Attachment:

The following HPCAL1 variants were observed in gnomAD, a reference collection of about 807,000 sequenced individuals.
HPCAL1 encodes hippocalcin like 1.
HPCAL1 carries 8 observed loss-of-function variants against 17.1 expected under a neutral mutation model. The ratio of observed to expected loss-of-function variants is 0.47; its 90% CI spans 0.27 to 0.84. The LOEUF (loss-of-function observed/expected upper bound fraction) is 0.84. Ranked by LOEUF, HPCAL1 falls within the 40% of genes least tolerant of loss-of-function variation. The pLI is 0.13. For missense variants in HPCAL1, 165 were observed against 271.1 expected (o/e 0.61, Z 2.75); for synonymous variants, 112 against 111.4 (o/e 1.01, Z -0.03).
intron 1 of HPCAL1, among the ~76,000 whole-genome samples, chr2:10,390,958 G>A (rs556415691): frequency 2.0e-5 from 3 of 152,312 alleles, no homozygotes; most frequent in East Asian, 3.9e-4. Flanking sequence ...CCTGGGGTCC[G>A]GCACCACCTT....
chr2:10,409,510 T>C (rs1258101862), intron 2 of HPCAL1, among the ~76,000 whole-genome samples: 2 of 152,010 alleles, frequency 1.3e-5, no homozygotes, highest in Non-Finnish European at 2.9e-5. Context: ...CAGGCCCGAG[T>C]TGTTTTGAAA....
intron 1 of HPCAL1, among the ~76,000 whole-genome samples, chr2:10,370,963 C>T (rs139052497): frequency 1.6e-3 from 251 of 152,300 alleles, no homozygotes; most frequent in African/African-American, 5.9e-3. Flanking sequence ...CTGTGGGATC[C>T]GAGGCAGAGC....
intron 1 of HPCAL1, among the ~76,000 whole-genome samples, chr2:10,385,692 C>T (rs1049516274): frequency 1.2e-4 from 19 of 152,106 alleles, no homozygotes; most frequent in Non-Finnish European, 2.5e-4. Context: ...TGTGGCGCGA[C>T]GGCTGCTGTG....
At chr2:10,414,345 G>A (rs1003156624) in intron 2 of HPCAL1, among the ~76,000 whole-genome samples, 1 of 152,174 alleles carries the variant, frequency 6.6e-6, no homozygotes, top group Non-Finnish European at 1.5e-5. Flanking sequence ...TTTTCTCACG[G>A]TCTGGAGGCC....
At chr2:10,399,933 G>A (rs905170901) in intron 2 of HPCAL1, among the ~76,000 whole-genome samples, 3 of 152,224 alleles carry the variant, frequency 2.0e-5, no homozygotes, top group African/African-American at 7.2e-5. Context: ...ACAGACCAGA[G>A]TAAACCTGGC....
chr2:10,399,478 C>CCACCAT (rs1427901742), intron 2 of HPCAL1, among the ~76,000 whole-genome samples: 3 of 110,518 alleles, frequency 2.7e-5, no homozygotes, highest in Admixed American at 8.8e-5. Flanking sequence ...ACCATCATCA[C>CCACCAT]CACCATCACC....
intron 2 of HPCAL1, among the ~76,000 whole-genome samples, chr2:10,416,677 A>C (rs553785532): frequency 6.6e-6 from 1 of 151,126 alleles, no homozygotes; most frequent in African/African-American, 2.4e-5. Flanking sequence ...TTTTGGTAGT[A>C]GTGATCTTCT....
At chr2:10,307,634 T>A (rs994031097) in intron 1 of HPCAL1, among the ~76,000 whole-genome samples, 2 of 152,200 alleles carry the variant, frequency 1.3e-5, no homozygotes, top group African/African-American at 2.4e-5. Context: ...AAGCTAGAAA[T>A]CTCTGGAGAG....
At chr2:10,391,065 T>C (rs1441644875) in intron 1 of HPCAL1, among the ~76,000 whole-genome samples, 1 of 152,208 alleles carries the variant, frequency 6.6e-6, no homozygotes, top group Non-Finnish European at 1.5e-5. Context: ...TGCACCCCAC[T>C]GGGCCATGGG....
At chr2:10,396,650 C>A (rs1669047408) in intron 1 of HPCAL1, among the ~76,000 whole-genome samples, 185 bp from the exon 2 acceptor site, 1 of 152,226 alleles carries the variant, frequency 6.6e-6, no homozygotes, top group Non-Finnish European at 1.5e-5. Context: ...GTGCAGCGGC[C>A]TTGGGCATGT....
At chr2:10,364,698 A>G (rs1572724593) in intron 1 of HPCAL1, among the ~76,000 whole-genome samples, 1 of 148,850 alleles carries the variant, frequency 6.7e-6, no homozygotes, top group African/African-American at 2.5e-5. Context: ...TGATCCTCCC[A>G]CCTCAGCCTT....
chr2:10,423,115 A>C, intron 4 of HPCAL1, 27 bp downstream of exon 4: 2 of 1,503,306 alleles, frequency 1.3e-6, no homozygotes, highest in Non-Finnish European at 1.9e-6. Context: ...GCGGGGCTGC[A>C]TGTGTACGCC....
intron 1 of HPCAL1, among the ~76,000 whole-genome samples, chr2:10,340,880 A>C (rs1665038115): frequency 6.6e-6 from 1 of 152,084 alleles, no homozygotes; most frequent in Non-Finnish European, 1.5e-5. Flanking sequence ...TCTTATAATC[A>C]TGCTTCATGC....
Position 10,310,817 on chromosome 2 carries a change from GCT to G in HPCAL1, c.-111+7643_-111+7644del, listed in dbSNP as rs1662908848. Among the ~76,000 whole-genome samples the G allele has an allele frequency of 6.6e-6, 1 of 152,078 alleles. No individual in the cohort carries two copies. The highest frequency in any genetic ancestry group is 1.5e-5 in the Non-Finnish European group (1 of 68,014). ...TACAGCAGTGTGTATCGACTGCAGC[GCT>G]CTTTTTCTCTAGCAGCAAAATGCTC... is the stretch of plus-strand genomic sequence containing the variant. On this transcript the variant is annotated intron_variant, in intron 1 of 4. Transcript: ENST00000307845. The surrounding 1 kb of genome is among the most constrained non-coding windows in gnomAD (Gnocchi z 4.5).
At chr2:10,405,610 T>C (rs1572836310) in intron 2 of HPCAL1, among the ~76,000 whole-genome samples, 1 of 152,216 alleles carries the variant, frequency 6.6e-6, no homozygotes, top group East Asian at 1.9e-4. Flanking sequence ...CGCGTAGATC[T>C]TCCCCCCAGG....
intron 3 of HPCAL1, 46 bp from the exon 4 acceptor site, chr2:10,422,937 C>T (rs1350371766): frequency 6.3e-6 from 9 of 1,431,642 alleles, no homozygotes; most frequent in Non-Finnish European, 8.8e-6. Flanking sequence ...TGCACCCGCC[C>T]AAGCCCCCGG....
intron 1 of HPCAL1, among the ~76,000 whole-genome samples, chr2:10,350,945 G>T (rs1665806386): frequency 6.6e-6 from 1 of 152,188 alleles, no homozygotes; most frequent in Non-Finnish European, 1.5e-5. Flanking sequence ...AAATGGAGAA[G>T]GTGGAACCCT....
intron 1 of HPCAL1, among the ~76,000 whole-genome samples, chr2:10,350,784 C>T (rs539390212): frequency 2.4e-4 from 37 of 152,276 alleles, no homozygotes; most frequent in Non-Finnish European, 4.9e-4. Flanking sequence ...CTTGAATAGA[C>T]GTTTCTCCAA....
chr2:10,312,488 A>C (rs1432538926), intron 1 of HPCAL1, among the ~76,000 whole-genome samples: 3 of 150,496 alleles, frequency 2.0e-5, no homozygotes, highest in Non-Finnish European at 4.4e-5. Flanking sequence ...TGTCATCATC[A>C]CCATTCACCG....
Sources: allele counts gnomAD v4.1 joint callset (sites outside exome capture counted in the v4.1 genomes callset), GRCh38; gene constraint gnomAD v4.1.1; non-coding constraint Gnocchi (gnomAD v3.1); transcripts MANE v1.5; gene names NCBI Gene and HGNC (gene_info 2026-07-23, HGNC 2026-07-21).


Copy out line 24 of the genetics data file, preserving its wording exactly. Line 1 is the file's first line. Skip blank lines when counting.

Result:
Sources: allele counts gnomAD v4.1 joint callset (sites outside exome capture counted in the v4.1 genomes callset), GRCh38; gene constraint gnomAD v4.1.1; non-coding constraint Gnocchi (gnomAD v3.1); transcripts MANE v1.5; gene names NCBI Gene and HGNC (gene_info 2026-07-23, HGNC 2026-07-21).